Benefits of a Single Sex School
  • Single-sex schools can and do produce better exam results. Recent research shows that the percentage of A* and A grades achieved at A Level in Science, Maths, Further Maths, French, History and Geography by girls in independent girls’ schools were, on average, 10% higher than those of girls in independent co-educational schools.
  • Girls in single-sex schools are more likely to choose to study subjects in traditionally male dominated fields. Girls in Girls’ Schools Association (GSA) schools are three times more likely to study Physics than girls in state or independent co-educational schools.
  • Boys and girls mature at different rates and, therefore, learn in different ways.  They benefit from learning in an environment which recognises these differences and tailors their education accordingly. 
  • Girls still tend to be less confident and daring than boys. The encouragement and nurturing provided in a single-sex school permits girls to take risks in the classroom and actively participate. As a result, their self-confidence in expressing their own ideas flourishes and enables them to step out at 18, well able to hold their own in the world.
  • Our girls are inspired by meeting distinguished and high-achieving women who visit our school on Speech Days and our celebratory occasions. Guests have included: Professor Germaine Greer, Miss Prue Leith, Dr Alice Bunn of the UK Space Agency, Ms Sarah Dunant, Dame Judi Dench, DBE, Dame Monica Mason, DBE, Baroness Williams of Crosby and Baroness Judith Jolly and Miss Catherine Bott, both Old Girls of KHS.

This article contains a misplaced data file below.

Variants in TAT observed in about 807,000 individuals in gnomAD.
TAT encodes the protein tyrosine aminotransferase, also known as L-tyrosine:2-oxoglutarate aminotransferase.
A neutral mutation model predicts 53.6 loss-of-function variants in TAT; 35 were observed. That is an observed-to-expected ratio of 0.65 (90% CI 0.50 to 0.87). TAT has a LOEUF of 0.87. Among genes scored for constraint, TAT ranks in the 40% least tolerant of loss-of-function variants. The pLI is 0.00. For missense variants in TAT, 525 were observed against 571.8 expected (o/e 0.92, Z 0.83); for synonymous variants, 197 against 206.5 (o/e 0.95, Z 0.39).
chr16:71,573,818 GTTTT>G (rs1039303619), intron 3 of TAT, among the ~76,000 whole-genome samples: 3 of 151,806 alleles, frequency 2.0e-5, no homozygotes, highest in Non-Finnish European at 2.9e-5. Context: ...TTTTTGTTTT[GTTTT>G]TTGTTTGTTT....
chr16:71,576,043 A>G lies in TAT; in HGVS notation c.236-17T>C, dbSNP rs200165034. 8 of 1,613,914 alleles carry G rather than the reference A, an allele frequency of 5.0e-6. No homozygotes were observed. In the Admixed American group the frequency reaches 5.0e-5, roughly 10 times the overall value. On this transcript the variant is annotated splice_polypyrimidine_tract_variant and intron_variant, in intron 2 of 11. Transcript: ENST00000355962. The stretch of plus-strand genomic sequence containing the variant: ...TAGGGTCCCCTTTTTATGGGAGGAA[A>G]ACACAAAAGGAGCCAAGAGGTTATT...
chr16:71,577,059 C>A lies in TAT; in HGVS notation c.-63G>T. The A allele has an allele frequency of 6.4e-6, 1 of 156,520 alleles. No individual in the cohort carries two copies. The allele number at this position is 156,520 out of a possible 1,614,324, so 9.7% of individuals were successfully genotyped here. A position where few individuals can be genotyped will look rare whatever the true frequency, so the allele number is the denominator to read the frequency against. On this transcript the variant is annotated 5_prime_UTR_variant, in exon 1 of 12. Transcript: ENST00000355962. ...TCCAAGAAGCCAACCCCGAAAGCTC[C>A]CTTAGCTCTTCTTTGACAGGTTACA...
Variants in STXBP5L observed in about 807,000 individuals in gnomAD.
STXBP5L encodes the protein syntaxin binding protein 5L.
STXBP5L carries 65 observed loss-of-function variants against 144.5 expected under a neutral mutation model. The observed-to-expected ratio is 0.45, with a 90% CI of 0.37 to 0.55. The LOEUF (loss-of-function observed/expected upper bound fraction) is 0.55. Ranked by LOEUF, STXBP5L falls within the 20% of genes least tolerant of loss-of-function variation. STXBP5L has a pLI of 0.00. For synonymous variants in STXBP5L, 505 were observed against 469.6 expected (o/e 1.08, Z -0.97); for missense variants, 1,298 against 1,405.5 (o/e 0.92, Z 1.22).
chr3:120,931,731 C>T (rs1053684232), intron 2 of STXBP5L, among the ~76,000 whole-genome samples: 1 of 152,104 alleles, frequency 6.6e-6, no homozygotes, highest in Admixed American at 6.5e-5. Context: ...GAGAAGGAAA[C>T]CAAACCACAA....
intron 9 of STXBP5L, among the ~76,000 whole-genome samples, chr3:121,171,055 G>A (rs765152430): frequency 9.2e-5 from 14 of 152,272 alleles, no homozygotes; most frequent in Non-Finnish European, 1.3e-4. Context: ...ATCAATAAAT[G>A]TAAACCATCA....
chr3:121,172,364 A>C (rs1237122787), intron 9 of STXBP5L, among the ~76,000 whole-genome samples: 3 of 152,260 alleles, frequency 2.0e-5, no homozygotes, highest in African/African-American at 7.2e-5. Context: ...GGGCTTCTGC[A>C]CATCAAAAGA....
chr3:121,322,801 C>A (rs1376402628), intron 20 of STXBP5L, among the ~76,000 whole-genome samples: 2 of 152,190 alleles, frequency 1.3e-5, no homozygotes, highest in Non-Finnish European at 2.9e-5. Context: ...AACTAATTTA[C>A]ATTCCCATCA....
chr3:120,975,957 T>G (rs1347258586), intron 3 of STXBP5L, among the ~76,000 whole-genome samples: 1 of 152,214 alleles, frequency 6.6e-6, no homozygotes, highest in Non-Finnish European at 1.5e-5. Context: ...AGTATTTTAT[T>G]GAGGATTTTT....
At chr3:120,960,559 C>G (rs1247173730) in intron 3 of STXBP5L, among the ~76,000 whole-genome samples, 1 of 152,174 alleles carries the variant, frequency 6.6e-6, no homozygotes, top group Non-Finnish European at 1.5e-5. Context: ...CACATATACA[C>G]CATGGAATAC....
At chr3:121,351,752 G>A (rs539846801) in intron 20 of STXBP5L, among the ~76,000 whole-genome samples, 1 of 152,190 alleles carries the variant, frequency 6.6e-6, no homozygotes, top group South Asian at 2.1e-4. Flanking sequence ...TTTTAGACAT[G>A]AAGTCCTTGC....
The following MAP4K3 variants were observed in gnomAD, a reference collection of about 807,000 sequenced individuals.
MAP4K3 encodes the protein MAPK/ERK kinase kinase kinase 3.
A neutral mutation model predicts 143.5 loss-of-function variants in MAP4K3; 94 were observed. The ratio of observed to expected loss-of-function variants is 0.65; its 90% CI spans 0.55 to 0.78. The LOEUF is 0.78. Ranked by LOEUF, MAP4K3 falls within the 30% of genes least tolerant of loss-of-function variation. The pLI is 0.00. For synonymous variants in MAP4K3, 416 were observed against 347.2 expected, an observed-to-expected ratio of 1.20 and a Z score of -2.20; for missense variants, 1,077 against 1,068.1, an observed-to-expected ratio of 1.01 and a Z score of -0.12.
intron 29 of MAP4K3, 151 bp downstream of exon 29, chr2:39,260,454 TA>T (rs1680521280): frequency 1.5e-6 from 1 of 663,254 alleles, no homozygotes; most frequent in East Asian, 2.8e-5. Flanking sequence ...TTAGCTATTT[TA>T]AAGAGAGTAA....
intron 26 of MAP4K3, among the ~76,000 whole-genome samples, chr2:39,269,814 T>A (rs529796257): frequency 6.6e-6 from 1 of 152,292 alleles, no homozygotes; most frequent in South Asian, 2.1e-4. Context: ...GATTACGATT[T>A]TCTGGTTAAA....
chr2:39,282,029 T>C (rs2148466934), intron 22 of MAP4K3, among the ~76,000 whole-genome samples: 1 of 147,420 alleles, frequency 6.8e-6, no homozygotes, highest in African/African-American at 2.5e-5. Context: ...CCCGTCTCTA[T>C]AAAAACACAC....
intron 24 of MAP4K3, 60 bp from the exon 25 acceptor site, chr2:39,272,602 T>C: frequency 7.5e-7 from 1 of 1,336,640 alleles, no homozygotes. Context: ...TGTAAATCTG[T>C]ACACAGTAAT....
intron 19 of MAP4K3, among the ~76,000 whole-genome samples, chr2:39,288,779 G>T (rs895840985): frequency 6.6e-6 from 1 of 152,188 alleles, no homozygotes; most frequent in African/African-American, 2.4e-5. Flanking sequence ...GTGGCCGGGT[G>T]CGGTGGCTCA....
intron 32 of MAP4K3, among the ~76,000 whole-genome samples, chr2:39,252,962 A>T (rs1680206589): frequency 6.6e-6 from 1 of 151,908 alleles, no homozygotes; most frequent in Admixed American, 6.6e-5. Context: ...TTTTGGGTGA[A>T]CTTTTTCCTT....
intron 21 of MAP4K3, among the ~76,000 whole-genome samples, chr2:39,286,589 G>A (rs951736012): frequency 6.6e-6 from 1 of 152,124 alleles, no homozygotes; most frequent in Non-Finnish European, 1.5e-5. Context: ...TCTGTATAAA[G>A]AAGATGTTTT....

• Today’s forward-thinking single-sex schools are uniquely placed to help their pupils grow graciously and confidently into young women and young men who can happily and responsibly find their place in the modern world.
  • In girls’ schools, all of the leaders are girls, all of the team captains are girls, all of those who have achieved aspirations similar to those of the younger girls in school are girls and all of the role models and mentors are girls.
  • Younger King’s High girls observe the accomplishments of our older girls and say, “If she can, I can.”
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